Use SQL to pre-filter and join your data before you start working with it. It will generally be more efficient to perform a complex join or selection of columns using MDX versus in M or within the data model.
3 - MDX is more difficult to wrap your head around than SQL and is somewhat of a unique language as far as languages go.
While the other languages covered here are more special purpose programming languages, R, by contrast, is more of a full fledged, traditional programming language. Historically, R's use was very limited to a select few data scientists, data analysts and statisticians for doing heavy statistical computing and data visualizations. However, recently, R has become much more popular and is integrated into many of Microsoft's data platform components including SQL Server 2016 and Power BI.
R can be used before, duringand afteryour import of data into your data model.
As a full fledged programming language, R has its own runtime and environment for coding. Therefore, you can use R to prep data before you ever consider importing it into your data model. R can also be used during data import as entire queries or steps within queries can be written in R. After importing the data into your model, R can be used in R visuals. To use R as the basis for an entire query, in Power BI choose Get Data | More | Other | R Script. In the Power BI Query Editor, on the Transform tab, "Run R Script" is the next to last icon on the right and will insert an R script into your query as a step. When on the Report tab within Power BI, one of the icons in the next to last row is the "R script visual". Perhaps unsurprisingly, its icon is a capital "R".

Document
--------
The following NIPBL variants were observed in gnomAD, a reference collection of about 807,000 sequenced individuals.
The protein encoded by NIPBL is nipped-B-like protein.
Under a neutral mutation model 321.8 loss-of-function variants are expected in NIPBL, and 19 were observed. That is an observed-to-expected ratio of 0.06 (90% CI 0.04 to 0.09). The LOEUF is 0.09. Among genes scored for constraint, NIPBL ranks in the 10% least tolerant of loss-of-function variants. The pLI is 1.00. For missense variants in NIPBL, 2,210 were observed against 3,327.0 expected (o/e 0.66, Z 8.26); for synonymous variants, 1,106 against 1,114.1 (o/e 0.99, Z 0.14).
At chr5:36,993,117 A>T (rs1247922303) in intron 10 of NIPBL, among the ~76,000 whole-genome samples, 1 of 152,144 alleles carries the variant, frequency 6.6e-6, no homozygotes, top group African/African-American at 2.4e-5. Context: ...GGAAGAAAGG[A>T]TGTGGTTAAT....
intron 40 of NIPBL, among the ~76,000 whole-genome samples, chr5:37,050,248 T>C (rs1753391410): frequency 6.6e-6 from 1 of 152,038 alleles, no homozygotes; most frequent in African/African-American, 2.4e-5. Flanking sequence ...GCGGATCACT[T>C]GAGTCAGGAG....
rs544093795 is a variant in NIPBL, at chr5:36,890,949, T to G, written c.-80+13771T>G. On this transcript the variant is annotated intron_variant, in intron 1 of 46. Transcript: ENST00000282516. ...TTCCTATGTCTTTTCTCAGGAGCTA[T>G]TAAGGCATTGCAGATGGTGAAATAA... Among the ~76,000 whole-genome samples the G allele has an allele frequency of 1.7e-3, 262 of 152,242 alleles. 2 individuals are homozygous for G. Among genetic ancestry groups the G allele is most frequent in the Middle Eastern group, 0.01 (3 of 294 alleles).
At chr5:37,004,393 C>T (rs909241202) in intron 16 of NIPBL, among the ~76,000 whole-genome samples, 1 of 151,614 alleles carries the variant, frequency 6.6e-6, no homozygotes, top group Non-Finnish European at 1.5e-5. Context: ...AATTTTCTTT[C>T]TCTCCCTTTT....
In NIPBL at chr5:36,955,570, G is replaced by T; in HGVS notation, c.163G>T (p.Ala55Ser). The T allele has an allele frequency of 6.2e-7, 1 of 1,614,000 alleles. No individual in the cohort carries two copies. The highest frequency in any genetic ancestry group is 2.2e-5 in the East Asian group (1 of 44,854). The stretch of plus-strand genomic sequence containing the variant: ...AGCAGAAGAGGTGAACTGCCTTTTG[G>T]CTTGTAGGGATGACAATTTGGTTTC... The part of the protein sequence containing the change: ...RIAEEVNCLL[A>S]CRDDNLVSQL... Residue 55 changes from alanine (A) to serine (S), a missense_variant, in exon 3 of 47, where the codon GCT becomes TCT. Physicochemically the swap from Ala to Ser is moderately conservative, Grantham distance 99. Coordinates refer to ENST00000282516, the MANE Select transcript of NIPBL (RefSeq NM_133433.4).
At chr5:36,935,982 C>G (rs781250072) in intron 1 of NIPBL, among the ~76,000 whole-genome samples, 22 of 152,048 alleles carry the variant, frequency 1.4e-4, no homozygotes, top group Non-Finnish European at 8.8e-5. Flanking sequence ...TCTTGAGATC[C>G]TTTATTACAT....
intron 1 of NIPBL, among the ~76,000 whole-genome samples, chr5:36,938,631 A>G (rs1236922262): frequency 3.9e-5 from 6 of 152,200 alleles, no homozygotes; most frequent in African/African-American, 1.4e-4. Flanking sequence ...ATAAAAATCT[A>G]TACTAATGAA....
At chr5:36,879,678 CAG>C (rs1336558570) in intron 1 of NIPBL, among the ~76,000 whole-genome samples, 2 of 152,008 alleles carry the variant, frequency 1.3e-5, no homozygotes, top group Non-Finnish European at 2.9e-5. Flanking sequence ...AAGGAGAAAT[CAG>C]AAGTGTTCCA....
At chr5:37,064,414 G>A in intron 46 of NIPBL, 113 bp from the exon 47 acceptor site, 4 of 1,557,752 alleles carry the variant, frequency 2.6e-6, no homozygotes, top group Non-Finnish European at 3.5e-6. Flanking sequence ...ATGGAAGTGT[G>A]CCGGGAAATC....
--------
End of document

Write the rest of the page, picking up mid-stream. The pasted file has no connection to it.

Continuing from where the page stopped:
The R language has a huge number of modules that add a tremendous amount of capabilities to Power BI. R's library of visualizations adds hundreds of possible visuals to Power BI's core set of visuals. The uses for R are nearly endless.
4 - R gets a high ranking here based largely upon the facts that it is a full-fledged programming language as well as the vastness of the language itself when including all of the possible custom modules.
The original version of this article phophesized that support for Python would be coming to Power BI. Obviously this has come to pass.